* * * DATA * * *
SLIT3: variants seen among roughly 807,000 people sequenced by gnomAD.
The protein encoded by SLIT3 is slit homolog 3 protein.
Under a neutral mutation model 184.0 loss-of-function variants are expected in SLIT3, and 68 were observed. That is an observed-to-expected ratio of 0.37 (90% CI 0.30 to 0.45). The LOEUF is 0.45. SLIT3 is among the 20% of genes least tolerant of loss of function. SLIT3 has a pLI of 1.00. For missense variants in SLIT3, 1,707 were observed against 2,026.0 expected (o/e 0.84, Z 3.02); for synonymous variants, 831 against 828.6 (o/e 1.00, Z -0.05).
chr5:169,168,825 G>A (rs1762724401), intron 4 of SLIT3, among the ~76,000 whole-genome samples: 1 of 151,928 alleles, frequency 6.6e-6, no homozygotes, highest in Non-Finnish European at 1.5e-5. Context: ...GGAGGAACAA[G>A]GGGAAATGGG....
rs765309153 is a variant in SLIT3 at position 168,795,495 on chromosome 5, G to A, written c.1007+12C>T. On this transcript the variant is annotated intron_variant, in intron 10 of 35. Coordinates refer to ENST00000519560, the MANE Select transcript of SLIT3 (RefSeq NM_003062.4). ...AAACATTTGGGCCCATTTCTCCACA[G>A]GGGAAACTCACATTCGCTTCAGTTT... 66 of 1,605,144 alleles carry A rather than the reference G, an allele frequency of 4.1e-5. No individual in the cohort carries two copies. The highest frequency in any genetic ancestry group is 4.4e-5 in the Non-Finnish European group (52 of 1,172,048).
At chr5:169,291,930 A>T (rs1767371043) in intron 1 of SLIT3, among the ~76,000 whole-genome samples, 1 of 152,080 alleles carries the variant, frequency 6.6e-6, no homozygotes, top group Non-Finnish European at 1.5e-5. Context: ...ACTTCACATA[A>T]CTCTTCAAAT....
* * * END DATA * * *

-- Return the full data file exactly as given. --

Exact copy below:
SLIT3: variants seen among roughly 807,000 people sequenced by gnomAD.
The protein encoded by SLIT3 is slit homolog 3 protein.
Under a neutral mutation model 184.0 loss-of-function variants are expected in SLIT3, and 68 were observed. That is an observed-to-expected ratio of 0.37 (90% CI 0.30 to 0.45). The LOEUF is 0.45. SLIT3 is among the 20% of genes least tolerant of loss of function. SLIT3 has a pLI of 1.00. For missense variants in SLIT3, 1,707 were observed against 2,026.0 expected (o/e 0.84, Z 3.02); for synonymous variants, 831 against 828.6 (o/e 1.00, Z -0.05).
chr5:169,168,825 G>A (rs1762724401), intron 4 of SLIT3, among the ~76,000 whole-genome samples: 1 of 151,928 alleles, frequency 6.6e-6, no homozygotes, highest in Non-Finnish European at 1.5e-5. Context: ...GGAGGAACAA[G>A]GGGAAATGGG....
rs765309153 is a variant in SLIT3 at position 168,795,495 on chromosome 5, G to A, written c.1007+12C>T. On this transcript the variant is annotated intron_variant, in intron 10 of 35. Coordinates refer to ENST00000519560, the MANE Select transcript of SLIT3 (RefSeq NM_003062.4). ...AAACATTTGGGCCCATTTCTCCACA[G>A]GGGAAACTCACATTCGCTTCAGTTT... 66 of 1,605,144 alleles carry A rather than the reference G, an allele frequency of 4.1e-5. No individual in the cohort carries two copies. The highest frequency in any genetic ancestry group is 4.4e-5 in the Non-Finnish European group (52 of 1,172,048).
At chr5:169,291,930 A>T (rs1767371043) in intron 1 of SLIT3, among the ~76,000 whole-genome samples, 1 of 152,080 alleles carries the variant, frequency 6.6e-6, no homozygotes, top group Non-Finnish European at 1.5e-5. Context: ...ACTTCACATA[A>T]CTCTTCAAAT....